SINS OF THE HIGHLANDER. She's Ashlyn Chase, my critique partner and, I'm blessed to add, my friend.
Since she writes light-hearted paranormal, she was great help when I decided to add a bit of the supernatural to SINS OF THE HIGHLANDER. Our heroine, Elspeth, has the gift of Sight and our hero Mad Rob has frequent vivid dreams of his dead wife that convince him she's trying to communicate with him.
Please welcome Ashlyn Chase to the New Year's Blog Bash!
Ashlyn Chase: Mia Marlowe is my critique partner, so I’m relating this month’s theme to my good fortune. If you look at it correctly, critiques are a second chance to make a first impression. Do you need a critique of your work before you turn it in to your editor (or self publish?)
Furthermore, even the best writing leaves opportunities for improvement that the author can't or won't catch. You owe it to your readers, and to yourself, to take advantage of those opportunities. Methods for acquiring critiques vary widely in terms of cost, speed, and required effort.
In general, you have three choices: critique groups, partners, and critique services. Critiques groups and partners are usually the cheapest way to get your writing critiqued. They require a time investment, because you'll be expected to critique other writers' work in exchange for their critique of yours. A partner is generally faster than a group since you’ll have to take your turn after a few other people have had theirs.
If you receive more than one critique, you're likely to get contradictory feedback. So what do you do? First, recognize that whatever other people think, you are the author. Only you can decide what works for you and for your story. Having said that, consider each comment carefully. Gracefully accept any feedback you’re lucky enough to receive, then evaluate what you want to do about it later.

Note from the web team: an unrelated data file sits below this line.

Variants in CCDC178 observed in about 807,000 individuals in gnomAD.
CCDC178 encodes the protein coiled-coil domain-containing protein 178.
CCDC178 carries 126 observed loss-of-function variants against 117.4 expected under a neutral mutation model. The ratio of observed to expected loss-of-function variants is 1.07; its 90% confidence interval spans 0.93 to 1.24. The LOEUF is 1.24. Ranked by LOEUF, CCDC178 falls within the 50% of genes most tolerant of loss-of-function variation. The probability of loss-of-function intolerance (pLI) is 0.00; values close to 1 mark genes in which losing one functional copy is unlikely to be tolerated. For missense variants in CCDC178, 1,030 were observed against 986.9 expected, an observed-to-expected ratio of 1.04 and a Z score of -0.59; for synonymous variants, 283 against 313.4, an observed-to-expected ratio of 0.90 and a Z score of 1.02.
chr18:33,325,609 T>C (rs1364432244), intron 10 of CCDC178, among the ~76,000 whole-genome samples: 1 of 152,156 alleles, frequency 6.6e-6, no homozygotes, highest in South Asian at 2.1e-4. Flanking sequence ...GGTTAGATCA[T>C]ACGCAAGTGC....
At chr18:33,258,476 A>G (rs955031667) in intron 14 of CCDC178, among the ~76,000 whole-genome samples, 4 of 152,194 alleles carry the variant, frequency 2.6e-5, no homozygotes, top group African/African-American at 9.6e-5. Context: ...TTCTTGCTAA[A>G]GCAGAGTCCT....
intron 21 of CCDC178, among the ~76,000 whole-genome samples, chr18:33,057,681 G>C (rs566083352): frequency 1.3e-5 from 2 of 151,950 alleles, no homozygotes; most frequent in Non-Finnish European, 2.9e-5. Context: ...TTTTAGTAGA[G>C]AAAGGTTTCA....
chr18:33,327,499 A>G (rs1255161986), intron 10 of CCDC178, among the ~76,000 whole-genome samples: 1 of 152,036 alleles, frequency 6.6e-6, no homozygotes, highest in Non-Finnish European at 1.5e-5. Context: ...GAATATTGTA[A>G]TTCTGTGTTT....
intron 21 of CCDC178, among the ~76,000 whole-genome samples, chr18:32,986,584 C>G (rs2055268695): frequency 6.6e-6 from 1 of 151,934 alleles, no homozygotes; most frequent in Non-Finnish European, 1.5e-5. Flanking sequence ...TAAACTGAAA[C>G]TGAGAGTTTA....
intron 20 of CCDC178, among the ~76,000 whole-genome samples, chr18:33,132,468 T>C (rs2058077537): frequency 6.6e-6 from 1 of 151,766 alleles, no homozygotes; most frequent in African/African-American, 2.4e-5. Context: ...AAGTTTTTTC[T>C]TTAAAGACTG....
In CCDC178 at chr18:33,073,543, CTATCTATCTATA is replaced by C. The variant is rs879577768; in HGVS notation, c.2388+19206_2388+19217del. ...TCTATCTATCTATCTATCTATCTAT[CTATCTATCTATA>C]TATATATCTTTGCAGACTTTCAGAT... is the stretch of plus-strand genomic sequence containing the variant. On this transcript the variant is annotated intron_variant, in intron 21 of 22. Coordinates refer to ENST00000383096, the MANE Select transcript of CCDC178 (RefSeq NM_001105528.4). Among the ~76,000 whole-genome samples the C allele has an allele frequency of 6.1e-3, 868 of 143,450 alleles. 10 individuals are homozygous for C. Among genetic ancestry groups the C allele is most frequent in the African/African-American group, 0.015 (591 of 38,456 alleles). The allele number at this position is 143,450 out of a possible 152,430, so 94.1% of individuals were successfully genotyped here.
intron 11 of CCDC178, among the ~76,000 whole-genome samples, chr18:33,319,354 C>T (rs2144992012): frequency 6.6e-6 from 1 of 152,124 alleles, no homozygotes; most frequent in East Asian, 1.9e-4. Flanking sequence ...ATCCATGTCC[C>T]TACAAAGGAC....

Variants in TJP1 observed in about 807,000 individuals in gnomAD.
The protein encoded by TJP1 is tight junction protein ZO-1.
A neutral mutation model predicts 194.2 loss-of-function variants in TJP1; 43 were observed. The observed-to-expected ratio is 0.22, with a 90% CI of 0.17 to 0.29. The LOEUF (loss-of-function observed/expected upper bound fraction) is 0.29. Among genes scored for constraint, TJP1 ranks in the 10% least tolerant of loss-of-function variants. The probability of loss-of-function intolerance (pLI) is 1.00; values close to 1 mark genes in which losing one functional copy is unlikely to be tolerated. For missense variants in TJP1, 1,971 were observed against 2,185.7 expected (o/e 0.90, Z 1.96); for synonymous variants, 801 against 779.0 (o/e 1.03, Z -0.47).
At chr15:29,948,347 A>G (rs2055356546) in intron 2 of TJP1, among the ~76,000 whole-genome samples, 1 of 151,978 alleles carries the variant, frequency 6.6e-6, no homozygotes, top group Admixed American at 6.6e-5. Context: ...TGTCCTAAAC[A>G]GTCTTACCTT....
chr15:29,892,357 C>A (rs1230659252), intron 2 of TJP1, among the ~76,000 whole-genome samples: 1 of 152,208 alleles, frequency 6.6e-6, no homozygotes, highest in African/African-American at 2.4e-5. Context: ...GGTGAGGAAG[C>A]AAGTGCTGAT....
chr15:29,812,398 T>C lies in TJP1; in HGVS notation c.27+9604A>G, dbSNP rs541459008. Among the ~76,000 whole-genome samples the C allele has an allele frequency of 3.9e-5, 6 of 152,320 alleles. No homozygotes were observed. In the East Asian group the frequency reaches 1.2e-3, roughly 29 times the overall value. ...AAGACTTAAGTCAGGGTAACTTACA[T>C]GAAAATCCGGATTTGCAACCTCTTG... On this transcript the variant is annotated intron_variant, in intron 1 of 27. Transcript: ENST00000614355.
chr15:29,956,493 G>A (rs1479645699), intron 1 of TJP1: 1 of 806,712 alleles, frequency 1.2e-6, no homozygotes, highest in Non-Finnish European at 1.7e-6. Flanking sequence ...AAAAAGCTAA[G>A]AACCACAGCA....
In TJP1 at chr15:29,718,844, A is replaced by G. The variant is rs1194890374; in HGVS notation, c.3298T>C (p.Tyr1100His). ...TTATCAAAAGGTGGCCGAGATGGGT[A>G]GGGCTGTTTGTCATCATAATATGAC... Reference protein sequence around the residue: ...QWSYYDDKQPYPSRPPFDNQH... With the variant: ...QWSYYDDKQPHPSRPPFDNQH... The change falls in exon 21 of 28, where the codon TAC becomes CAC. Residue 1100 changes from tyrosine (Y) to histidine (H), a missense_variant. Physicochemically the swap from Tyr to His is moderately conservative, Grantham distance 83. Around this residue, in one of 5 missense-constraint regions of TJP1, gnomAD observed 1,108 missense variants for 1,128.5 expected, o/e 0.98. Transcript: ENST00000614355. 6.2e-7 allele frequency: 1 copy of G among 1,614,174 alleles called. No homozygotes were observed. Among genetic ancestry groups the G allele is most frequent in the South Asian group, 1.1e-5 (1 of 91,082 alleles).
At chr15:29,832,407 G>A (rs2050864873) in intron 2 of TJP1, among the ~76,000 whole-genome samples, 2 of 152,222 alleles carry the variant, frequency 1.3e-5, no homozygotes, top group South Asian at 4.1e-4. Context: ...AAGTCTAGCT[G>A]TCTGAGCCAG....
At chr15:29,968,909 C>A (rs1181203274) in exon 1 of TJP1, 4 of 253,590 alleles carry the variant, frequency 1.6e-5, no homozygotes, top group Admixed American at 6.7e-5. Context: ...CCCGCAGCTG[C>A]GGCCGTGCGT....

Critique services are usually the fastest way to get a critique. If you want professional feedback quickly, this may be the option for you. Prices vary, so shop around. If you can't afford to submit your entire manuscript, send an excerpt. You can learn a lot about your writing from the critique of twenty or thirty pages.
First, they're not personal. They're intended to make your writing better. Your critiquer is genuinely trying to help you. Second, you asked for, and possibly paid for, her honest opinion. Don't get upset when she gives it to you. Third, no matter what problems she finds, you can correct them.
If you have the opportunity, ask questions to clarify your critiquer's comments: "Can you give me an example?" or "Do you think it would help if I made this change?" These kinds of questions are productive, and her answers will help you make the appropriate revisions.
Mia: Thanks for sharing, Ashlyn. You forgot to mention that copious amounts of coffee, Diet Coke and other caffeine delivery systems make for great critique sessions!
Leave a comment or question for Ashlyn and you'll be entered in this hour's drawing for a Kindle version of TOUCH OF A THIEF (another one of my titles she wrestled through with me!) Be sure to leave your email address so we can contact you.